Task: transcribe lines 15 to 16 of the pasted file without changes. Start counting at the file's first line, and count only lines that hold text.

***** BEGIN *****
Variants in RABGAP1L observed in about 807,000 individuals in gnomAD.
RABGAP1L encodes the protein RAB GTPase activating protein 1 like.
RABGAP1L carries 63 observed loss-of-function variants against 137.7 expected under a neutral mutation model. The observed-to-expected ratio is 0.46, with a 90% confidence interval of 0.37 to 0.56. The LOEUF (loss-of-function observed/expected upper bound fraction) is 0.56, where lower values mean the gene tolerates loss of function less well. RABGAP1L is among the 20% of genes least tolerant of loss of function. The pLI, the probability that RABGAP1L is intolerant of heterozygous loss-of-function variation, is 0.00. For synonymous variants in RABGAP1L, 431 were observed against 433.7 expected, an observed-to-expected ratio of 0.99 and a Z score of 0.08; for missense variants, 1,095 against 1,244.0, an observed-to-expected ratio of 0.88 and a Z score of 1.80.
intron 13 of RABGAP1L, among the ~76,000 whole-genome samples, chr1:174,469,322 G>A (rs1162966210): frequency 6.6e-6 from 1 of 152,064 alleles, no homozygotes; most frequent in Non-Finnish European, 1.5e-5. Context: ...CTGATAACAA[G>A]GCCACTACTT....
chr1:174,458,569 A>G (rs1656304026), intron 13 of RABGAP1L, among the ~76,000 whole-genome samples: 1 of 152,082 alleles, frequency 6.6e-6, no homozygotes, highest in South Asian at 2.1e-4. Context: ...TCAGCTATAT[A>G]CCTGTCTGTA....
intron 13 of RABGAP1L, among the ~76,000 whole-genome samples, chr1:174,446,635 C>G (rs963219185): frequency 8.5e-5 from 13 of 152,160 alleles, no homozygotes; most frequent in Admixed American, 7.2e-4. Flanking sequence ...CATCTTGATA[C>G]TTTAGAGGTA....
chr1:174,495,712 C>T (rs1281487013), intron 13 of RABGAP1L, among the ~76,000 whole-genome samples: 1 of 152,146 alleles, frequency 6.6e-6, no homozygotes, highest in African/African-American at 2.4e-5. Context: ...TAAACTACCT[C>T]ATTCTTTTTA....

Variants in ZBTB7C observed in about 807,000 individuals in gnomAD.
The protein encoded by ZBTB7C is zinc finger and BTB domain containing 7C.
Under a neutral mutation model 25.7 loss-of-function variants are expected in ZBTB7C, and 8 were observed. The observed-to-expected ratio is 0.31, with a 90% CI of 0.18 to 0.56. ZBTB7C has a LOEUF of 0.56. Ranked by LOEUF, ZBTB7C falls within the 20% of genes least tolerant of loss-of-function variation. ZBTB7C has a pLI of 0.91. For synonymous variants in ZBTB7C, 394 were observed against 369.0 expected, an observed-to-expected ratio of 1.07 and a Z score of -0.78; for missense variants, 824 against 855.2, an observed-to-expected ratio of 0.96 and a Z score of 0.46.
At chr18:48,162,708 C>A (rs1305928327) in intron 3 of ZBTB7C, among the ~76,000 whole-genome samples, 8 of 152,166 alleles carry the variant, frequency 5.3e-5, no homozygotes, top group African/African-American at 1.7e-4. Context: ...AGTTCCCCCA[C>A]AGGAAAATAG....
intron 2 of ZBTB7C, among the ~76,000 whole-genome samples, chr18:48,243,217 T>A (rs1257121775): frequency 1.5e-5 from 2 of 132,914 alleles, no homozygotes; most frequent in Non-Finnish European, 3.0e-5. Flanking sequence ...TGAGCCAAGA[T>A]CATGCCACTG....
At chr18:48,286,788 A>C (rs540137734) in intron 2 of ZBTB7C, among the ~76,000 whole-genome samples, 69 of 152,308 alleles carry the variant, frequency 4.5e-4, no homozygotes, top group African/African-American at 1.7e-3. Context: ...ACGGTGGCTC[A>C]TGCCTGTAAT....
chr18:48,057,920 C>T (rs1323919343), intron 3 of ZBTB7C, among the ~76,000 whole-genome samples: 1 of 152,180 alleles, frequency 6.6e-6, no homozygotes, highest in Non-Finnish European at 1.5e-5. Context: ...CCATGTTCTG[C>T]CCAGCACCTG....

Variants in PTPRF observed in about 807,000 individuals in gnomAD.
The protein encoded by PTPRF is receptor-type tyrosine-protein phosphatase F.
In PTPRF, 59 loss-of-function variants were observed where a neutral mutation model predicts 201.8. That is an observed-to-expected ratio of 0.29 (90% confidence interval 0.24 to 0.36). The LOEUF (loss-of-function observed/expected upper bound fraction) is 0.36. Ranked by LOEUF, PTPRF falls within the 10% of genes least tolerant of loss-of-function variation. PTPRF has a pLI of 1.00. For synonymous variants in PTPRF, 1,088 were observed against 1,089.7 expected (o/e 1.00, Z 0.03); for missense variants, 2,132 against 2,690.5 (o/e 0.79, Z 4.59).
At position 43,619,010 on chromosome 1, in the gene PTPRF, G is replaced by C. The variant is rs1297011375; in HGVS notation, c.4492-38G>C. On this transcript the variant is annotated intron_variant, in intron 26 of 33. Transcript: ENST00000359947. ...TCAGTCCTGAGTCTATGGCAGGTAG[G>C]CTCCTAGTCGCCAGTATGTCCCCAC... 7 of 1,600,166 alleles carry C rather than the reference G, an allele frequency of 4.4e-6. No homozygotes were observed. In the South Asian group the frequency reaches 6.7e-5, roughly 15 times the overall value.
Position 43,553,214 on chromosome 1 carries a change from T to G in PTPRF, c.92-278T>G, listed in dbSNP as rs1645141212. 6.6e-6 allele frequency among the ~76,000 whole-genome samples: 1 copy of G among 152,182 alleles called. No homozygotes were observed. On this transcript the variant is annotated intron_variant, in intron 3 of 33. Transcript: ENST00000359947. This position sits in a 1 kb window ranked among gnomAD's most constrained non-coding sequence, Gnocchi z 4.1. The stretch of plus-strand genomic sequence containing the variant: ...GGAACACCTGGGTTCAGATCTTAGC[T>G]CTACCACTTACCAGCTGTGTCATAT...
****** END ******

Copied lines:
Variants in PTPRF observed in about 807,000 individuals in gnomAD.
The protein encoded by PTPRF is receptor-type tyrosine-protein phosphatase F.